British Prime Minister David Cameron says he will step down after historic vote to leave European Union
Britain’s Prime Minister David Cameron speaks outside 10 Downing Street as his wife Samantha looks on Friday.(Lauren Hurley / Associated Press)
Former London Mayor Boris Johnson leaves his home in London a day after Britain’s vote to leave the EU.
(Andy Rain / EPA)
Italian Premier Matteo Renzi reacts at a news conference in Rome after Britain’s vote to leave the European Union.
(Angelo Carconi / EPA)
Leader of the UK Independence Party, Nigel Farage, emerges from a “Leave EU Referendum Party” in London.(Hannah McKay / EPA)
Supporters of Britain leaving the European Union celebrate at a London gathering as they watch results come in from around the country.(Stefan Rousseau / Associated Press)
Supporters of the “Stronger In” campaign react after hearing results in the EU referendum at London’s Royal Festival Hall.(Rob Stothard / Associated Press)
Supporters of keeping Britain in the EU react after hearing referendum results at London’s Royal Festival Hall.(Rob Stothard / Associated Press)
Bundles of ballots at a counting center in Manchester.(Danny Lawson / EPA)
Ballots are tallied in Belfast, Northern Ireland.(Paul Faith / AFP / Getty Images)
Ballots are delivered for tabulating at a counting center in Glasgow, Scotland.(Robert Perry / AFP/Getty Images)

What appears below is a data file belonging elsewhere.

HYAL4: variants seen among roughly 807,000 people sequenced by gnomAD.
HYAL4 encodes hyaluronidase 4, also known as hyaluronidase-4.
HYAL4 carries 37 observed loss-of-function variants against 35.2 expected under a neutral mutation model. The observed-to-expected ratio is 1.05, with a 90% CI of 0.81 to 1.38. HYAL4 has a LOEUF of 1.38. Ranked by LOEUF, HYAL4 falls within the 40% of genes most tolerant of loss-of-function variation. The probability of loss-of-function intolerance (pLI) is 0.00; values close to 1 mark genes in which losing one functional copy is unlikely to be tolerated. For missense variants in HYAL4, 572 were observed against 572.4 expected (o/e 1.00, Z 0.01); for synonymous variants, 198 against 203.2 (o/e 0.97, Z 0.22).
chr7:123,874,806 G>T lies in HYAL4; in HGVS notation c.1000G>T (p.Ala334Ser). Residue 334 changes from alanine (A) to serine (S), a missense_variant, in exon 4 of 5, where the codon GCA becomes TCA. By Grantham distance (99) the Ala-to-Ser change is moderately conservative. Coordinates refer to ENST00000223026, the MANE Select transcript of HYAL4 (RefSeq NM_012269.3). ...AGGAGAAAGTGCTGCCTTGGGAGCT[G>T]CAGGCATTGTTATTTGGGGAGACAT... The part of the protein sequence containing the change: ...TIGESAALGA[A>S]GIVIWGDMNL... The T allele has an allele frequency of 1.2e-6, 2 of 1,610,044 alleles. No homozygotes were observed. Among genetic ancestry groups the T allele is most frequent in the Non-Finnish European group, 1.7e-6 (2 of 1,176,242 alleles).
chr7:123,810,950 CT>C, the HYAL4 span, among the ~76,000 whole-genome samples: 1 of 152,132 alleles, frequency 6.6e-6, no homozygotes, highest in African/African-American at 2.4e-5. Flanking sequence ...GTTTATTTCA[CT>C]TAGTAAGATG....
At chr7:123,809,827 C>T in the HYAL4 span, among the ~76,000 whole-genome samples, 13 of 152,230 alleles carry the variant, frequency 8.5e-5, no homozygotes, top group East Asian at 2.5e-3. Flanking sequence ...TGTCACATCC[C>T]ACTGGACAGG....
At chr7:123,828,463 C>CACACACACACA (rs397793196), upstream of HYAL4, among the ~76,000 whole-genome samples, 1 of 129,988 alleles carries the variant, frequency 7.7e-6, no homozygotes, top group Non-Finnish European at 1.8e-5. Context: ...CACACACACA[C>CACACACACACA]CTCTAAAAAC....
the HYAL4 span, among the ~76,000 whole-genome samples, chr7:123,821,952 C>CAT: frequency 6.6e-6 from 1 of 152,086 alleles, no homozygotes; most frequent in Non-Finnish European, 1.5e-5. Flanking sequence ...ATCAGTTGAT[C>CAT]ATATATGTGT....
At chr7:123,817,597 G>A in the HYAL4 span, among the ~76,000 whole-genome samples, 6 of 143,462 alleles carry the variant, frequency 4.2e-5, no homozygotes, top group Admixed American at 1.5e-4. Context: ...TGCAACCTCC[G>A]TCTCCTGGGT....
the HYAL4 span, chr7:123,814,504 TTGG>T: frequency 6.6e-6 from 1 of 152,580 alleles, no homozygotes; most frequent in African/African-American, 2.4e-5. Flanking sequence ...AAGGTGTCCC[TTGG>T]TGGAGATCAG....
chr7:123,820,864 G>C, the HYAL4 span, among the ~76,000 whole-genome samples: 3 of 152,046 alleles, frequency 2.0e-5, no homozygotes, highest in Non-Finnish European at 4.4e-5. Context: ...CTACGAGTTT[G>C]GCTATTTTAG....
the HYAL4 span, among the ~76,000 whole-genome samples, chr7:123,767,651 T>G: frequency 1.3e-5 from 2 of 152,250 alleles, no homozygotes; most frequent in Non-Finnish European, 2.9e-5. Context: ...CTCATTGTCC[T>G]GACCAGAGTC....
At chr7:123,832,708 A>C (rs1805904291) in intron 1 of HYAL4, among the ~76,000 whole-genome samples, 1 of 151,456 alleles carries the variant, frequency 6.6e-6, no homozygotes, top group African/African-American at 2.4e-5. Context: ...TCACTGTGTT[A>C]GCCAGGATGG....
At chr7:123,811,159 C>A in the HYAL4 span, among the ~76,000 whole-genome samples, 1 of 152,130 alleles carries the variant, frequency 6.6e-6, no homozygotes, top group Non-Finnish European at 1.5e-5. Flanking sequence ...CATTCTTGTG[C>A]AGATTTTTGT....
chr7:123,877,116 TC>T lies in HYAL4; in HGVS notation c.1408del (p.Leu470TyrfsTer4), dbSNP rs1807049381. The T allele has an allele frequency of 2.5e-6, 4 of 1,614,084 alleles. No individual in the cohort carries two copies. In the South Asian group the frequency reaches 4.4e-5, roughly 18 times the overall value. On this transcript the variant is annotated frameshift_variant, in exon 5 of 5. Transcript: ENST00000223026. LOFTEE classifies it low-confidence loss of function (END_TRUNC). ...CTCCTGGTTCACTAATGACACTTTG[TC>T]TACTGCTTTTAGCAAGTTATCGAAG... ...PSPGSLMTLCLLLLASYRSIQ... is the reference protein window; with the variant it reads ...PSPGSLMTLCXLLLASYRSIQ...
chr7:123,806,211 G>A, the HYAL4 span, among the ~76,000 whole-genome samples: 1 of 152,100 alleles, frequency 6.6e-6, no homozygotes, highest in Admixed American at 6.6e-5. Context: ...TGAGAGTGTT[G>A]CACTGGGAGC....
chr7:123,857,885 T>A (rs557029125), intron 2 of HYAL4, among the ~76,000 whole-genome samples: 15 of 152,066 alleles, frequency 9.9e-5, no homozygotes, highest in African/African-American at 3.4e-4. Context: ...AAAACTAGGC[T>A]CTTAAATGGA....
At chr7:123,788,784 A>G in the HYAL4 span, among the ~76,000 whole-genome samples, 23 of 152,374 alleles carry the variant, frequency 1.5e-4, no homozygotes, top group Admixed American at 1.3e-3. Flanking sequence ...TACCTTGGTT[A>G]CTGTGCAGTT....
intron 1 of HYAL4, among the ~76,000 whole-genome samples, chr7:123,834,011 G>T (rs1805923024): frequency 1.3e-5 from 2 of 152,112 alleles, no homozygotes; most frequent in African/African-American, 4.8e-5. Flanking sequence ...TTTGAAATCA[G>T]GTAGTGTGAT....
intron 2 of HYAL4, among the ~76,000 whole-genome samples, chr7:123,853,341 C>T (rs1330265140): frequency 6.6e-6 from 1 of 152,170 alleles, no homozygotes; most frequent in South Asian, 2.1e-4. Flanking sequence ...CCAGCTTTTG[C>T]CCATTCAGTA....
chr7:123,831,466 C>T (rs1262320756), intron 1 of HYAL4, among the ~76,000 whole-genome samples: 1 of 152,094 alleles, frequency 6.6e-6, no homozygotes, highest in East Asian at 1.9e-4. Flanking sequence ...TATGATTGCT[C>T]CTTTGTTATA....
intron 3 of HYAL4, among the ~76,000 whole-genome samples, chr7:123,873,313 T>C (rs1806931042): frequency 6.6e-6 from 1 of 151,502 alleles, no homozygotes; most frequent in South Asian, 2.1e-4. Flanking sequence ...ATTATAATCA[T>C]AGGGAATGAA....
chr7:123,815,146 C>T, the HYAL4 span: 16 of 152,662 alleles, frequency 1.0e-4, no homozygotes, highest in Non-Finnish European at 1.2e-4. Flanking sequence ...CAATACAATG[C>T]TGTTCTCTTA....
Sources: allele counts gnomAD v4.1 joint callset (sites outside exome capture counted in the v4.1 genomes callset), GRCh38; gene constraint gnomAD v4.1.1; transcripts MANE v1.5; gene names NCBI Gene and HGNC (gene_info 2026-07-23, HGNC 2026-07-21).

Former London Mayor Boris Johnson, who advocated Britain’s withdrawal from the European Union, with wife Marina Wheeler a polling station in North London.(EPA)
Ballots are sorted at Lindley Hall in London.(Anthony Devlin / Associated Press)
“Stronger In” campaign supporters view referendum results at Royal Festival Hall in London.(Rob Stothard / AFP / Getty Images)
Britons voted Thursday to leave the 28-nation European Union, a historic vote that sent shock waves across the continent and prompted Prime Minister David Cameron to announce that he will step down by October.
“The will of the British people is an instruction that must be delivered,” Cameron said after voters decided, by a 52-48% margin, to quit the union that created a continent-wide economy and strived to ensure that Europe never again is engulfed by conflict like the two world wars of the 20th century.
Cameron, the Conservative Party leader who has led Britain for the last six years and who campaigned vociferously to remain in Europe, said it was time for “fresh leadership” to determine how and when to launch the process of dividing from Europe.
“I do not think it would be right for me to be the captain who steers the country to its next destination,” said Cameron, signaling that he will step down at the time of his party’s annual conference in October.
Reaction was swift. The pound dropped to a low not seen since 1985, and Asian markets were thrown into turmoil.
Donald Tusk, the European Council president, vowed to stay the course -- but with 27 countries, not 28. “Europe is not only a fair-weather project,” he said.
“It’s true that the past years have been the most difficult ones in the history of our union, but I always remember what my father used to tell me, what doesn’t kill you makes you stronger,” Tusk said.
The governor of the Bank of England, Mark Carney, said “extensive contingency planning” and substantial assets on hand have left the British banking system prepared for any future transition or market turbulence.